It’s like you can still get CD reissues of old albums that contain old 80’s mailing addresses for the record label even though that address hasn’t been correct in 25 years!
 

Cuyler

Bright colored pinwheels go 'round in my head.
Thread Starter
I wouldn’t say it’s obvious when a disc says “West Germany”. Sure West Germany didn’t exist after 1991, but even if they changed the master, they may’ve left the label alone to save a few cents.

It’s like you can still get CD reissues of old albums that contain old 80’s mailing addresses for the record label even though that address hasn’t been correct in 25 years!
That’s a good point, which I guess brings me back to my question… how can one figure out when a disc was released? For example, the 1A1 64 “Horizon” disc.
 

tomswift2002

Well-Known Member
That’s a good point, which I guess brings me back to my question… how can one figure out when a disc was released? For example, the 1A1 64 “Horizon” disc.

It sure isn’t from popping a disc in a computer snd looking in Windows Explorer for the file’s creation date, as that’ll just label anything from before I think January 1994 as being mastered to disc on January 1, 1994. I’ve got a few CD’s that my family bought in the early 90’s, between January 1, 1990 & December 31, 1992. Clearly those CD’s could not have been mastered in 1994, but there’s obviously no date information on the CD, so the computer just puts the default date in.

Also with the early CD’s, who knows what masters they were using. They could’ve been using masters that were tuned for vinyl or cassette. Or they might’ve mastered them from cassette, depending on how much care was taken.
 

Cuyler

Bright colored pinwheels go 'round in my head.
Thread Starter
It sure isn’t from popping a disc in a computer snd looking in Windows Explorer for the file’s creation date, as that’ll just label anything from before I think January 1994 as being mastered to disc on January 1, 1994. I’ve got a few CD’s that my family bought in the early 90’s, between January 1, 1990 & December 31, 1992. Clearly those CD’s could not have been mastered in 1994, but there’s obviously no date information on the CD, so the computer just puts the default date in.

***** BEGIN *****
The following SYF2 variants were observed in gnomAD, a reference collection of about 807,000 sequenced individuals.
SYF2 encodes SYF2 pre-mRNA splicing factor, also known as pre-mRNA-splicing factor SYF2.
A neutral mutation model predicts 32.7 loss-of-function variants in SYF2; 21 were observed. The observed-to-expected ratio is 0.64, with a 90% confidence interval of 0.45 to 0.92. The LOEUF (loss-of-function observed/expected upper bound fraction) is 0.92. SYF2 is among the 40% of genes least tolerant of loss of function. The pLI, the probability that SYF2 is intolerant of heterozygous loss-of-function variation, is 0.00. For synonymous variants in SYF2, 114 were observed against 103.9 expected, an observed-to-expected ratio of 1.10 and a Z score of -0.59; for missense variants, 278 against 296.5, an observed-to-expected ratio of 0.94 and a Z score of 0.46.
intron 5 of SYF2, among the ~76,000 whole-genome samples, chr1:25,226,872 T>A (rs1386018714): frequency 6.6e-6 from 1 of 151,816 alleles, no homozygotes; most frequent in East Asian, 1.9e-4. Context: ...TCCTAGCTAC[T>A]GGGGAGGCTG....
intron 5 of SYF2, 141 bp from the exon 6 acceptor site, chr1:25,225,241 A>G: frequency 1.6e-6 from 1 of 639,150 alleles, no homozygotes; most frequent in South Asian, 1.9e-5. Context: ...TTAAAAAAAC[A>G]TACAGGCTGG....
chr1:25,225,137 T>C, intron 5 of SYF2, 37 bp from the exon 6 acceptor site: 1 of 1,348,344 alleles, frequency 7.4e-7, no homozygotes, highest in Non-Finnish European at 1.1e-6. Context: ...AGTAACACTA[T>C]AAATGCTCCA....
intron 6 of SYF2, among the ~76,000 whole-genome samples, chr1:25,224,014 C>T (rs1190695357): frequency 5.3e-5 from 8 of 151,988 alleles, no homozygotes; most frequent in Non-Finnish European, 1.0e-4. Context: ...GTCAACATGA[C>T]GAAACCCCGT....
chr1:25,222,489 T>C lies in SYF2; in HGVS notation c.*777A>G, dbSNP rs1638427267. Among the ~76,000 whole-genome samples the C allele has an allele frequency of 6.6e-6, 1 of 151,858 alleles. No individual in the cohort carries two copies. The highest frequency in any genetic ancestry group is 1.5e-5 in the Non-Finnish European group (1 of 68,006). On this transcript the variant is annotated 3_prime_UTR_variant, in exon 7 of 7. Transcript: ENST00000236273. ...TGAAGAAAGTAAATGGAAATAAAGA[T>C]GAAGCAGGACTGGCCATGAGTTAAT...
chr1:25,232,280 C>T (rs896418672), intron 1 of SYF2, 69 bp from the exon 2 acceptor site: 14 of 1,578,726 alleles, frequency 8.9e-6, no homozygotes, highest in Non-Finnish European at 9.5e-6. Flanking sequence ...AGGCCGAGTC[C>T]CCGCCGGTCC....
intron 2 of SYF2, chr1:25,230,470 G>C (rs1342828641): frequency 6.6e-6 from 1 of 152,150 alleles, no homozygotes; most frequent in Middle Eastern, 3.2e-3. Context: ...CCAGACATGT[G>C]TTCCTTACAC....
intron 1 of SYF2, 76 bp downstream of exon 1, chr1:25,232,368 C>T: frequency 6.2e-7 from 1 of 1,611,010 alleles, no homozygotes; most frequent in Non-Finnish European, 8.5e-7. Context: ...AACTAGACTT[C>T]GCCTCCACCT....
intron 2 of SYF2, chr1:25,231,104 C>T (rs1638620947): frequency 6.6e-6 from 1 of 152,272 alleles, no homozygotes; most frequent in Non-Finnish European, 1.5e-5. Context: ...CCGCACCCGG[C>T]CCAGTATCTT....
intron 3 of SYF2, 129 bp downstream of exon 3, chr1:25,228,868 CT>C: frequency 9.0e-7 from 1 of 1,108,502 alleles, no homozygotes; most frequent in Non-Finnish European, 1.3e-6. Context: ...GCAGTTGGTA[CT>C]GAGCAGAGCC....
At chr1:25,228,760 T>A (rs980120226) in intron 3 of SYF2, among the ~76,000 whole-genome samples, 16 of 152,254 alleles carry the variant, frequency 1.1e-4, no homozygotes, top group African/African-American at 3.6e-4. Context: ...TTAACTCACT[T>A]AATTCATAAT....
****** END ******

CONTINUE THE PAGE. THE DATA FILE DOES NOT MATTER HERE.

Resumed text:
Also with the early CD’s, who knows what masters they were using. They could’ve been using masters that were tuned for vinyl or cassette. Or they might’ve mastered them from cassette, depending on how much care was taken.
Very interesting insight, thanks! I believe that (U.S.) CDs after 1994 also have IFPI numbers on the matrix and the mould, so if your CD doesn't have one, the chances are good that your CD is pre-1994.

One other thing to note... when I rip in XLD (Mac only), XLD actually writes in the log file if a CD is a "Pressed CD" or a "CD-R," so if you ever want to know if a CD is a bootleg, that may be a good tell, as factory-pressed CDs should always read "Pressed CD" and not "CD-R."
 

tomswift2002

Well-Known Member
Very interesting insight, thanks! I believe that (U.S.) CDs after 1994 also have IFPI numbers on the matrix and the mould, so if your CD doesn't have one, the chances are good that your CD is pre-1994.

One other thing to note... when I rip in XLD (Mac only), XLD actually writes in the log file if a CD is a "Pressed CD" or a "CD-R," so if you ever want to know if a CD is a bootleg, that may be a good tell, as factory-pressed CDs should always read "Pressed CD" and not "CD-R."
For a CD-R you can always flip the disc over and tell if it’s a CD-R. Unless the pirates went to the expense of setting up a clean room and glass master laser the majority of bootlegs are on CD-R.

Of course CD-R’s have been used in professional applications like radio since the 80’s. I’ve got a few radio shows from the 88-92 period and they are legit, but back then it was still cheaper to burn a CD-R than pay the $5,000 or so to make a glass master for only 175 or so copies.
 

Bobberman

Well-Known Member
Of course CD-R’s have been used in professional applications like radio since the 80’s. I’ve got a few radio shows from the 88-92 period and they are legit, but back then it was still cheaper to burn a CD-R than pay the $5,000 or so to make a glass master for only 175 or so copies.
I still use CD-R s myself not just for archiving my audio but being a Radio pro myself they are very helpful to me in programming my weekly radio programs
 

Cuyler

Bright colored pinwheels go 'round in my head.
Thread Starter
Yeah! I want to clarify, I'm not saying CD-Rs are bad... but what I am saying is, if someone is selling a "rare" CD for a few hundred dollars and it "looks" like an original pressed CD, but XLD tells you it's a CD-R, that may be some cause for concern since you dropped good money on a CD that's not an original pressed CD...

That being said, I am using XLD + AccurateRip to create exact copies of my pressed CD-DAs on CD-R, as well as making backup copies on my solid state drive.